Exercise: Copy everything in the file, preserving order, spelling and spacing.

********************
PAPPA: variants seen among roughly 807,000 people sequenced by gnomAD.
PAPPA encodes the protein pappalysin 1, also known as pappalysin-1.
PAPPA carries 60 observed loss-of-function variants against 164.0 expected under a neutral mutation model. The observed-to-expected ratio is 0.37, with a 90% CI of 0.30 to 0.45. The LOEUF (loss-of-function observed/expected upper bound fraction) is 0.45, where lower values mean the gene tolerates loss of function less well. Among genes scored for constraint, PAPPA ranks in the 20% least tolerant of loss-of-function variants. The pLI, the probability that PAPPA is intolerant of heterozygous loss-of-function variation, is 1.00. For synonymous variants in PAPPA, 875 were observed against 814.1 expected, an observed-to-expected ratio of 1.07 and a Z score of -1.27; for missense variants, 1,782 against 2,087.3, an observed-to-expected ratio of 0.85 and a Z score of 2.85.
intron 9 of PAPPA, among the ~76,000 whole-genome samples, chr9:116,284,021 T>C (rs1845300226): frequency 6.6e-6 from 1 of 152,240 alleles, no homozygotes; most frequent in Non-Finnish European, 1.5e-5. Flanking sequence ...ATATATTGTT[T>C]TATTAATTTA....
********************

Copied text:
PAPPA: variants seen among roughly 807,000 people sequenced by gnomAD.
PAPPA encodes the protein pappalysin 1, also known as pappalysin-1.
PAPPA carries 60 observed loss-of-function variants against 164.0 expected under a neutral mutation model. The observed-to-expected ratio is 0.37, with a 90% CI of 0.30 to 0.45. The LOEUF (loss-of-function observed/expected upper bound fraction) is 0.45, where lower values mean the gene tolerates loss of function less well. Among genes scored for constraint, PAPPA ranks in the 20% least tolerant of loss-of-function variants. The pLI, the probability that PAPPA is intolerant of heterozygous loss-of-function variation, is 1.00. For synonymous variants in PAPPA, 875 were observed against 814.1 expected, an observed-to-expected ratio of 1.07 and a Z score of -1.27; for missense variants, 1,782 against 2,087.3, an observed-to-expected ratio of 0.85 and a Z score of 2.85.
intron 9 of PAPPA, among the ~76,000 whole-genome samples, chr9:116,284,021 T>C (rs1845300226): frequency 6.6e-6 from 1 of 152,240 alleles, no homozygotes; most frequent in Non-Finnish European, 1.5e-5. Flanking sequence ...ATATATTGTT[T>C]TATTAATTTA....